Senior Scene: An elegant evening
The dining room is an elegant display of Karen’s impeccable taste. Imagine a long, long table, five chairs on either side, Jack and Karen at either end. The occasion is a visit from her sister, Marilyn, and her husband, Ron, from Wisconsin.
Marilyn bubbles with merriment and Ron is soft-spoken, a very cultured gentleman. He tells me their daughter is retiring from the Navy after 28 years, much of the time overseas. What a wonderful life she must have had serving her country.
During appetizers, Jack passes among us asking how we would like our steak barbecued. At dinner we have salad, twice baked potatoes, deviled eggs, shrimp, steak and for dessert, home baked lemon or chocolate cake slathered with blackberry sorbet (blackberries are from Karen’s garden).
As dinner progresses, the conversation flows effortlessly like a mighty river. Marta, a lovely young woman, introduces Steve. This could be their first social outing together. Steve’s enthusiasm is like a Sierra stream, gushing spontaneously. He has so much get up and go he’ll never run out. To celebrate Marta’s birthday, he cooked dinner for her. “A man who cooks; how wonderful,” Marta says, in amazement.
I join the conversation and ramble on and on about show business, then switch to a more personal topic. Orllyene’s and my grandmother sat together in the same pew at a small Nazarene church in Hollywood every Sunday. We didn’t find out that they were friends and knew each other until after we were married.
Sitting next to me is Nancy Oxsen. Nancy finds only “good” in life and loves to share it. It also happens to be her birthday, and of course we celebrate in song. Pete is her husband. He and Jack share house construction woes.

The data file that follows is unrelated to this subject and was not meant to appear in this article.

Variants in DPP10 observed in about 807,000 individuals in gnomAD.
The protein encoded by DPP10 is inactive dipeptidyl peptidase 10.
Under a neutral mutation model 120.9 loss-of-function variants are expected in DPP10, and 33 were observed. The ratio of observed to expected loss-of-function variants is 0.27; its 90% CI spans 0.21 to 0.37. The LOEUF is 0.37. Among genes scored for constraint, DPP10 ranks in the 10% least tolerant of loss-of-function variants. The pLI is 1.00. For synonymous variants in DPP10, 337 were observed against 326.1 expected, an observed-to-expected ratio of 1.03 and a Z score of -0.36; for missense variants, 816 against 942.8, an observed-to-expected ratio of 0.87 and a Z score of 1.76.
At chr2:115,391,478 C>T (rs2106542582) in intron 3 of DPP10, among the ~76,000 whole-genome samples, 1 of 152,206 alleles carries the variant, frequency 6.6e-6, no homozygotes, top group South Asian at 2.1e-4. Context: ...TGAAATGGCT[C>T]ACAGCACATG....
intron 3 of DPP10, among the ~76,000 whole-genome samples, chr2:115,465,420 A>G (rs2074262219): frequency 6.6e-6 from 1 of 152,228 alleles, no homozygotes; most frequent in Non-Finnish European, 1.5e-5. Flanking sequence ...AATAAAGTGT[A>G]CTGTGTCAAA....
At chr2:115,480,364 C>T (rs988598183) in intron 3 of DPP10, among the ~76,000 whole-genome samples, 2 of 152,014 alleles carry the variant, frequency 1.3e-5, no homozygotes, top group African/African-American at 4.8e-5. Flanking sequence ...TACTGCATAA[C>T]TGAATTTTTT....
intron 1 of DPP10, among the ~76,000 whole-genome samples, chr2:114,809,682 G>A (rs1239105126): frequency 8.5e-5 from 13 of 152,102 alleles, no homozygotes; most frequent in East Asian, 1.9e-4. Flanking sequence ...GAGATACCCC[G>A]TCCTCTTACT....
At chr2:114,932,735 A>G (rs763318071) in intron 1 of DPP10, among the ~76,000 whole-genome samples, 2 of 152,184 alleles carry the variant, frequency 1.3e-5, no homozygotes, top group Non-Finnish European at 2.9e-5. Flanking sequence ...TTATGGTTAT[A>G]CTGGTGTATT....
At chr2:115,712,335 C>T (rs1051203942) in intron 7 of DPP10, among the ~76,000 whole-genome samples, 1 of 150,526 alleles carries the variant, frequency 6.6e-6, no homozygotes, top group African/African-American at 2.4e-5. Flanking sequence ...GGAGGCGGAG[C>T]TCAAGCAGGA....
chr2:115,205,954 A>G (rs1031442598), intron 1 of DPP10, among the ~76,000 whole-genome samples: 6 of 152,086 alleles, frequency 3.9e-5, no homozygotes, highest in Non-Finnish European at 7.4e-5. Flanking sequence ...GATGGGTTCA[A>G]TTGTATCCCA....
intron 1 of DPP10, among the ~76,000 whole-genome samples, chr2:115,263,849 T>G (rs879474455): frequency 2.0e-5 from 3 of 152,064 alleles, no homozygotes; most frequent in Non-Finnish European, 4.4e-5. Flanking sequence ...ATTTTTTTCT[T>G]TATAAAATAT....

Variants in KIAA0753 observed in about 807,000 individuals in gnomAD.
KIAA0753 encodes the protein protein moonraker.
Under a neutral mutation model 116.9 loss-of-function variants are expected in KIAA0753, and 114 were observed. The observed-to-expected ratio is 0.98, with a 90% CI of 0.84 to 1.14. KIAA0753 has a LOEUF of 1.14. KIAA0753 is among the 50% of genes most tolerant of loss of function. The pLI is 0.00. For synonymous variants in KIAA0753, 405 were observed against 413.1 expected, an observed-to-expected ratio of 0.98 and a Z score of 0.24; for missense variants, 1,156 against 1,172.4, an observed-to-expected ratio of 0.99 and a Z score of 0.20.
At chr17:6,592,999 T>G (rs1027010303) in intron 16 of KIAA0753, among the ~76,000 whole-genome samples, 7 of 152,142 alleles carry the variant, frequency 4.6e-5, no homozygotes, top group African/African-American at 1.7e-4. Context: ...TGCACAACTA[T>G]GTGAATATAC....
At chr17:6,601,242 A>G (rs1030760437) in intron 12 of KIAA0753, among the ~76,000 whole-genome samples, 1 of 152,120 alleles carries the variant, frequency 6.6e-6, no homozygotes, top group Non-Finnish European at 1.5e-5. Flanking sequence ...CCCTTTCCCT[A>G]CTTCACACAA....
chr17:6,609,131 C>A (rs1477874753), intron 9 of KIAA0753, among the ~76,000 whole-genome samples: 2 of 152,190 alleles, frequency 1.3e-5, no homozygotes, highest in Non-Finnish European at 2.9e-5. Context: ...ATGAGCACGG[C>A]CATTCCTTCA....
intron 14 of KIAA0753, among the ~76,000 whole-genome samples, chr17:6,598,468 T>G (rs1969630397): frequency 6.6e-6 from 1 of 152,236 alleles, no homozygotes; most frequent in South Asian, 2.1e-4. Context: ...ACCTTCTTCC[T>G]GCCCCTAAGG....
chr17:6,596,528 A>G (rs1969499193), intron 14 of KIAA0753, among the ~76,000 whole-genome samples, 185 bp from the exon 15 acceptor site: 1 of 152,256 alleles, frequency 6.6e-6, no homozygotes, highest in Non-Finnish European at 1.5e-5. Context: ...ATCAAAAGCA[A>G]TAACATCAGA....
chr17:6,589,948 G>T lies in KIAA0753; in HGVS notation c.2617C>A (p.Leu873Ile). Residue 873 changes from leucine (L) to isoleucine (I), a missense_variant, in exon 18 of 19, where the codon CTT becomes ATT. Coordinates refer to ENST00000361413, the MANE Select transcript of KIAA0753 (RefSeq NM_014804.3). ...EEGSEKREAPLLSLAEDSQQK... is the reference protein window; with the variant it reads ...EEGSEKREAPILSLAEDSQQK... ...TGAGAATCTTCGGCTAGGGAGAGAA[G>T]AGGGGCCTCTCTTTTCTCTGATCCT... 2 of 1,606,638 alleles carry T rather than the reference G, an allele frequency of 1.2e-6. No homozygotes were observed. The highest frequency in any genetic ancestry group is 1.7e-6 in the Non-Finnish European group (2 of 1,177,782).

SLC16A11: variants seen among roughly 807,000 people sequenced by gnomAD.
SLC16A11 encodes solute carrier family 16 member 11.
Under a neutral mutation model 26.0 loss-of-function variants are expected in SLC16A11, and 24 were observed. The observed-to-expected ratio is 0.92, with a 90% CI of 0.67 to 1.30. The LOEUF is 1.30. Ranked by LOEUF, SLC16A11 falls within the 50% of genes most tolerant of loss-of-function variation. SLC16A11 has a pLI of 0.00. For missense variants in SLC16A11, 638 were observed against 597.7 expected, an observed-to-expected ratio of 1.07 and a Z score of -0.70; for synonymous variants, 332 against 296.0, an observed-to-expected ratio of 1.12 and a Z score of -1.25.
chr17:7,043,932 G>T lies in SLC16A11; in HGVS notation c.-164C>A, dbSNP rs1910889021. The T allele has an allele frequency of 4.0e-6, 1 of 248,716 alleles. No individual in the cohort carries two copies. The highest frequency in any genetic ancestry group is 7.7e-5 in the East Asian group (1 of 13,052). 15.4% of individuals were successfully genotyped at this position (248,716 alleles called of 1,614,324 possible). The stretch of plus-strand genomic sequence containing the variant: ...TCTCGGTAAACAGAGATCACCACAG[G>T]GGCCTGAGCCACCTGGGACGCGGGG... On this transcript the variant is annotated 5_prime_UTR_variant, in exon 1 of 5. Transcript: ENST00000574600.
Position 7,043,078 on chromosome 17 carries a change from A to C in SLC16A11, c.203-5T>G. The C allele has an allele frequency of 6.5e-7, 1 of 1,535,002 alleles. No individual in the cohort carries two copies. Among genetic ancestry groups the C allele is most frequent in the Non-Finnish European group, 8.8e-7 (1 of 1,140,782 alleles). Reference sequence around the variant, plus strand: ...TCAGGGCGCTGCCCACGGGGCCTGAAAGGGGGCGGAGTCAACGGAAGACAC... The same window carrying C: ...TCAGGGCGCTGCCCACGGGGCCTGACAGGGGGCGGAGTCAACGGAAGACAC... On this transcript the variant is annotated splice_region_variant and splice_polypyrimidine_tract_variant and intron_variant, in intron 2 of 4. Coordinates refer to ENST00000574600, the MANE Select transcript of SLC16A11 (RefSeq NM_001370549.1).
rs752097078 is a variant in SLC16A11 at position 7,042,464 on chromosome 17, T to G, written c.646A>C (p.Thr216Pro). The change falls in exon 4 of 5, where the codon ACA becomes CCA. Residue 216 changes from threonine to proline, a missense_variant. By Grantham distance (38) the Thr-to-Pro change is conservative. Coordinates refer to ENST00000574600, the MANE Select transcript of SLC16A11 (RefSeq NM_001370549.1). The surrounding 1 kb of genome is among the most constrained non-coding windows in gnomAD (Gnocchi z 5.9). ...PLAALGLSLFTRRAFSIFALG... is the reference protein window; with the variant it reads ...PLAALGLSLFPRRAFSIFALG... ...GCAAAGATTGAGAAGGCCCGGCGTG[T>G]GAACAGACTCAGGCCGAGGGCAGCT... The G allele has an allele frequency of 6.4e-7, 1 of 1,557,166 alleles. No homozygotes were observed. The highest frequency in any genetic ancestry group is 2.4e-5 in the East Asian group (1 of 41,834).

“I used to build a house in three or four months. Now it takes eight or nine months because of all the inspections and permits,” Pete says.
The talk shifts to how many siblings everyone has. Karen is from a family of 12, Jack from a family of 10 and Mary had nine siblings. A tangent takes us to the question of how we met our spouses. When it’s Karen and Jack’s turn, it gets sketchy. Karen says with a smile, “I kept noticing how Jack just kept coming into the office and standing and looking around.” Well, Jack’s technique worked just fine. Today they work together perfectly and accomplish more than anyone I know.
Mary tells us she was married for 46 years, before he passed on. “He was a twin, the good one,” she says smiling in triumph. Mary has lived in Smith Valley for 52 years.
Kay Flaxa lives by herself, and raves about Steve. She says he’s her “fix it” guy next door.
Strangers no more, we visit for three hours and open our hearts. We’ve become a social family and the dinner was outstanding. Again, Karen and Jack have hit the mark.
Ron Walker can be reached at firstname.lastname@example.org.